In a Turkish study, the authors of [43] examined if CityGML ADE extensions can be used to create 3D city models from the Turkish TRKBIS standard for large-scale topographic features. A comparison between CityGML buildings and TRKBIS buildings was performed and a CityGML ADE that includes all additional classes, attributes, and code lists from TRKBIS was developed in UML. A CityGML ADE for the transport data theme was also created in UML using the same method. Future work in this research is to generate GML schemas from the UML models and to test it with real data.

4.2. Harmonization and Validation of 3D Buildings/City Models

Harmonized information is a vital part when trying to achieve a digital and more process-oriented information flow for example in a smart city or between phases in the planning and building process. However, definition of concepts in a specification can be ambiguous and allow for many variants. The definitions are also often described as recommendations, not as requirements. This can result in concepts that are described slightly different in different datasets which can hamper information exchange between these datasets. This becomes even more prominent when information is exchanged between two standards that have many concepts in common, but where the concepts are defined in slightly different ways [37]. One way to overcome this is to create modelling guidelines with recommendations on how to model 3D building objects in a correct way for the intended purpose. An example of this is the guidelines by the SIG3D Quality Working Group [13] which states for example how the LODs should be defined, which geometry types to use, and valid and invalid ways to divide a building into building parts. To ensure that data is collected or converted in a uniform manner, surveying guidelines should also be used. The Swedish surveying guidelines for Geometric representation on exchange [44], is an example of this. The guidelines define requirements for data collection and data exchange for information that conform to the Swedish specification for buildings [36] and four other spatial themes. According to the guidelines, buildings can be represented in 2D or 3D and in different LODs. Different LODs have different requirements both concerning surveying methods, tolerances, and how the geometry should be represented.
A dataset does not fully conform to a standard if it does not pass the validation rules given in the standard. OGC, the Sig3D quality group, and EuroSDR performed a quality interoperability experiment to give a better understanding of the requirements in CityGML and how these requirements can be validated [45]. Geometric and semantic validations were performed, and conformance requirements were tested in a formal and automatic way. Results show that to be able to validate geometries, the number of possible geometry types must be restricted, tolerance requirements for the geometries must be added and semantics and geometry must cohere.

4.3. Integration of 3D City Models and BIM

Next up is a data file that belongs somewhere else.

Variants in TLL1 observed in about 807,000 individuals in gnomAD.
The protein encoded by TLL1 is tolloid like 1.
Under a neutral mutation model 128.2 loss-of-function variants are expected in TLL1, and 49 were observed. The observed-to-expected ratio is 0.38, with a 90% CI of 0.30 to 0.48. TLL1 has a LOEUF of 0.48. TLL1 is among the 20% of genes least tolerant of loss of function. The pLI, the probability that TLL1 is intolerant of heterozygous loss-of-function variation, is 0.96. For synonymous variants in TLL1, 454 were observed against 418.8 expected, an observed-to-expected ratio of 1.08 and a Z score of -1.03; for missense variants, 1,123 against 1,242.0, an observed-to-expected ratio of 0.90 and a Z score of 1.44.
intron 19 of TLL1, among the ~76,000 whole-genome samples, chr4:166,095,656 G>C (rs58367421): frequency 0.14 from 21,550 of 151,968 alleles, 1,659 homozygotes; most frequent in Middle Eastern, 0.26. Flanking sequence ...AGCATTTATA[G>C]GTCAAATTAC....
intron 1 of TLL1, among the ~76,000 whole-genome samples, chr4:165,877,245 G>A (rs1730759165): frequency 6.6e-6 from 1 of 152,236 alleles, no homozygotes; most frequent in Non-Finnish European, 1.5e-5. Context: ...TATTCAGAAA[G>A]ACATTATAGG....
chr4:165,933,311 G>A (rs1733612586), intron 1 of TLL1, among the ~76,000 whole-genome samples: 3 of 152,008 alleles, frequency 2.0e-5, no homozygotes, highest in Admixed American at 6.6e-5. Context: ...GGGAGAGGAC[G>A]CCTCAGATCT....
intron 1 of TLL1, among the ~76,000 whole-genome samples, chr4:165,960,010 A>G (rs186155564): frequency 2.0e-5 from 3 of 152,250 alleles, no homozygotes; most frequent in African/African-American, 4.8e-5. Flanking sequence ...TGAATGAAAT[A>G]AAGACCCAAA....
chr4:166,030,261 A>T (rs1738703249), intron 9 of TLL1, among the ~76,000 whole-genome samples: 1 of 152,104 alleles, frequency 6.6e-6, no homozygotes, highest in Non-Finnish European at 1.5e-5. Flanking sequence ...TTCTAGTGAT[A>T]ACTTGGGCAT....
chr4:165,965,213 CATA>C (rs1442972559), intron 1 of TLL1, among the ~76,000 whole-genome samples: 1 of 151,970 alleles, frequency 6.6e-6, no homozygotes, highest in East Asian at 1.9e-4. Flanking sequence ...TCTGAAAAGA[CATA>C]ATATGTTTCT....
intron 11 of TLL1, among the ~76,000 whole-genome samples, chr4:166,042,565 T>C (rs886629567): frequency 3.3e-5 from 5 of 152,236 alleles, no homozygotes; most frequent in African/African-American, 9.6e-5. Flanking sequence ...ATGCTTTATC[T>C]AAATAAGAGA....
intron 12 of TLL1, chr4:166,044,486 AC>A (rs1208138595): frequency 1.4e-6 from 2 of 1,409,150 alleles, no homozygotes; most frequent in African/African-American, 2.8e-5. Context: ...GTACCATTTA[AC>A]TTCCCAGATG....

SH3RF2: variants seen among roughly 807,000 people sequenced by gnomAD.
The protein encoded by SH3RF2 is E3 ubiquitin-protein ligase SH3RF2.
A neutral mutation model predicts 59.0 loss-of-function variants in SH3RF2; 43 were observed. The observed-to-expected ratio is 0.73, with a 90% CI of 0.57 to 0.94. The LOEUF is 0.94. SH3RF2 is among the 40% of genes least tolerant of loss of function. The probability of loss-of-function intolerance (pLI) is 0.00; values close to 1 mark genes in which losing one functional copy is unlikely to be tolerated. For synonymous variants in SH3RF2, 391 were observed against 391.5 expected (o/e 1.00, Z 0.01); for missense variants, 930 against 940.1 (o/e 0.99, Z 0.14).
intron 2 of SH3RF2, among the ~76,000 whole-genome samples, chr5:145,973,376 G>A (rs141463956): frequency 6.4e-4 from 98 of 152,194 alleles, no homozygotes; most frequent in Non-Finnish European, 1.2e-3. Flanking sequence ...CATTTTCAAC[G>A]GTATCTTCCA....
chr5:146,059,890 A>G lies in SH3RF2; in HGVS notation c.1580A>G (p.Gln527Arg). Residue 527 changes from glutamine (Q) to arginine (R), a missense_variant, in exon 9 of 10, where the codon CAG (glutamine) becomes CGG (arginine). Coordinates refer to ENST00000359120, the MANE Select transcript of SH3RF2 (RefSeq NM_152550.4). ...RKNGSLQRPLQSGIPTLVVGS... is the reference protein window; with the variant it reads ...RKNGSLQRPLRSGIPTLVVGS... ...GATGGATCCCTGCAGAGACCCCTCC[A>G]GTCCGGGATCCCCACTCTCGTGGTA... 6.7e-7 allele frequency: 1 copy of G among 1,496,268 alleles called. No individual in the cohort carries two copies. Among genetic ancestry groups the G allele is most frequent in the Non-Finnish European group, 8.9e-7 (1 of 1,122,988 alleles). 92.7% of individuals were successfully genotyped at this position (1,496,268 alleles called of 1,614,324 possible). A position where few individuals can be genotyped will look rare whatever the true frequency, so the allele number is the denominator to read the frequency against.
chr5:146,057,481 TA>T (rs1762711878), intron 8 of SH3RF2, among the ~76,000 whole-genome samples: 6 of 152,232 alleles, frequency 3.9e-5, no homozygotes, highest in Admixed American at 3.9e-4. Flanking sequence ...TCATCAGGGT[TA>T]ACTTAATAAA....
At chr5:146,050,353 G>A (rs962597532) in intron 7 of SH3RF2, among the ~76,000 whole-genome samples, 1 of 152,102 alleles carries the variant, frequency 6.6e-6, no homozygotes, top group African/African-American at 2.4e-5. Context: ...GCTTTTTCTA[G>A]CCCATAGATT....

It is becoming increasingly common to store information about a building in both geodata and BIM formats and using this information for different purposes during the lifetime of a building. Examples of this are to accomplish a digital information flow of 3D building information in the AEC industry, for digital representations of the planning, design, and construction of buildings, but also for cities where officials need the information for e.g., building permits and 3D real property formation. This leads to an increasing demand for exchanging and reusing information within and between the standards that describe 3D building information. There are many challenges to overcome to be able to exchange 3D building information between BIM and geodata formats. Often a BIM model is transformed to a geodata model and the software and format in which the BIM model was created, and to which geodata format it should be transformed, have a substantial influence on the complexity of the transformation. Several standards also share many concepts, but these concepts are defined in similar, but not identical ways. One example of this is the geometry representation, IFC uses many different types of geometries e.g., Swept Solid, Constructive Solid Geometry, and BRep, while CityGML only uses BRep, which can result in complex geometric transformations [6,7]. Another example is the LOD concept, in IFC LOD stands for Level of Development and in CityGML for Level of Detail, and the two LODs do not match.
One way of connecting geodata and BIM models is to convert BIM models to create or update 3D geodata city models. The authors of [6] classified the integration of BIM and geodata into three categories: data level, process level, and application level. A comparison of the effectiveness, extensibility, effort, and flexibility shows that the methods are suitable for different purposes. An integration at the data level with a semi-automatic conversion and translation together with extensions of existing standards could, according to the authors, be a good compromise. An important aspect here is that buildings in a city model should be similar irrespective of if they are derived from BIM-data or from laser scanning/photogrammetry data. This could be achieved by creating measuring guidelines and routines based on these guidelines for both BIM data conversion and lasers scanning/photogrammetry data. By this, the two data sources could be used interchangeably, i.e., provide similar building objects. This is described in a case study by [12] where they show that the differences between building models from the two sources are only on a decimeter level.